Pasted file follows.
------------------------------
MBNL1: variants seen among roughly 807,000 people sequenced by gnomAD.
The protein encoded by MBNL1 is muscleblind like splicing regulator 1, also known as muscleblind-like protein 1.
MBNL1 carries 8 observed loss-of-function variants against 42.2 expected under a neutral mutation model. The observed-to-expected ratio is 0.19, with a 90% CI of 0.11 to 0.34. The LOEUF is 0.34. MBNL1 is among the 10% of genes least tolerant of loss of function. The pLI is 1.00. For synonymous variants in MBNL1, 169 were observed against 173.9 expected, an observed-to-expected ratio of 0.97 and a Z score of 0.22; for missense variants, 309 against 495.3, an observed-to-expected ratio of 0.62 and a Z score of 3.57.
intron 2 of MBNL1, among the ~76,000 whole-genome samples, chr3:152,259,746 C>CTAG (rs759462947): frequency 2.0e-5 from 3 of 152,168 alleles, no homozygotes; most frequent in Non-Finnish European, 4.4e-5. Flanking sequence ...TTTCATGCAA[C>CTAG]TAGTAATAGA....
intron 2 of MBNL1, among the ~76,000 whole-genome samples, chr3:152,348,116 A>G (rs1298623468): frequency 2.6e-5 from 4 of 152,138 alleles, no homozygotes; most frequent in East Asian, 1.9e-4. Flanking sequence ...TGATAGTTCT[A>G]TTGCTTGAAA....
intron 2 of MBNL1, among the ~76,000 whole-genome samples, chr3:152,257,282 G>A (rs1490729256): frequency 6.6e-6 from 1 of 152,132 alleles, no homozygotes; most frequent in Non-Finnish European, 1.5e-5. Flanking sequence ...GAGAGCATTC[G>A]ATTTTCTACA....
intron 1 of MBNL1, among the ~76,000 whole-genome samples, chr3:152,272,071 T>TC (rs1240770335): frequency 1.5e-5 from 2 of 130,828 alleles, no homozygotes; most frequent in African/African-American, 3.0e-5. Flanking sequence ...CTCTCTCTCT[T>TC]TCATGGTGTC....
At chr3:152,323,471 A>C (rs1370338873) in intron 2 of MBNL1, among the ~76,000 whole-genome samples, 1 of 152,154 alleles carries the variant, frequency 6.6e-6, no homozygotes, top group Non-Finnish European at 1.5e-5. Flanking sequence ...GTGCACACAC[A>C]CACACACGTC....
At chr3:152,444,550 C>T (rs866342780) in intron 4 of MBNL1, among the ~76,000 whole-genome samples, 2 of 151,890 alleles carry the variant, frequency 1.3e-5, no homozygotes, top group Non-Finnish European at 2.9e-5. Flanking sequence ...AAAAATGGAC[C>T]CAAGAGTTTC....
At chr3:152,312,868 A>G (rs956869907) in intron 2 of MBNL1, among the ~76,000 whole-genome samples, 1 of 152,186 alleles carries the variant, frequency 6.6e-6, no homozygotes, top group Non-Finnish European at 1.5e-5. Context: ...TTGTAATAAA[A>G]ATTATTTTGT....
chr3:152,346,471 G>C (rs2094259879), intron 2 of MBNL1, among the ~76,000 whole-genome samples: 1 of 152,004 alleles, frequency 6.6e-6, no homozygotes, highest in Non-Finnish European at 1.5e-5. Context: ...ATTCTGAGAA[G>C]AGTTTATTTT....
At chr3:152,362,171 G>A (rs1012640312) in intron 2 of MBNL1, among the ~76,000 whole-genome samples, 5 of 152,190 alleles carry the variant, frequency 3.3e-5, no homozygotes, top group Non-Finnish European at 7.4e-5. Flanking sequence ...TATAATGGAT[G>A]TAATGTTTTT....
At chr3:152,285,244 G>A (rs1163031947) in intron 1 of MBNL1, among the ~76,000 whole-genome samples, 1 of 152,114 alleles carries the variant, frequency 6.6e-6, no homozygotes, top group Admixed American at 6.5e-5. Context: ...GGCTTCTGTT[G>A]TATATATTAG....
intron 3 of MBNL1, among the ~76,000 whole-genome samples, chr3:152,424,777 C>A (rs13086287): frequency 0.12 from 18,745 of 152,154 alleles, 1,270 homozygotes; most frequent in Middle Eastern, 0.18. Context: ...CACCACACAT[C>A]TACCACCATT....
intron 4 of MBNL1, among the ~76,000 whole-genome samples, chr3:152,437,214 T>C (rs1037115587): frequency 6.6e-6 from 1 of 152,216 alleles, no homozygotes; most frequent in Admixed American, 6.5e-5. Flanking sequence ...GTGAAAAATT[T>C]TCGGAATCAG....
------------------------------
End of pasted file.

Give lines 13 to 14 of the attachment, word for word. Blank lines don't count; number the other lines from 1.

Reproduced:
At chr3:152,285,244 G>A (rs1163031947) in intron 1 of MBNL1, among the ~76,000 whole-genome samples, 1 of 152,114 alleles carries the variant, frequency 6.6e-6, no homozygotes, top group Admixed American at 6.5e-5. Context: ...GGCTTCTGTT[G>A]TATATATTAG....
intron 3 of MBNL1, among the ~76,000 whole-genome samples, chr3:152,424,777 C>A (rs13086287): frequency 0.12 from 18,745 of 152,154 alleles, 1,270 homozygotes; most frequent in Middle Eastern, 0.18. Context: ...CACCACACAT[C>A]TACCACCATT....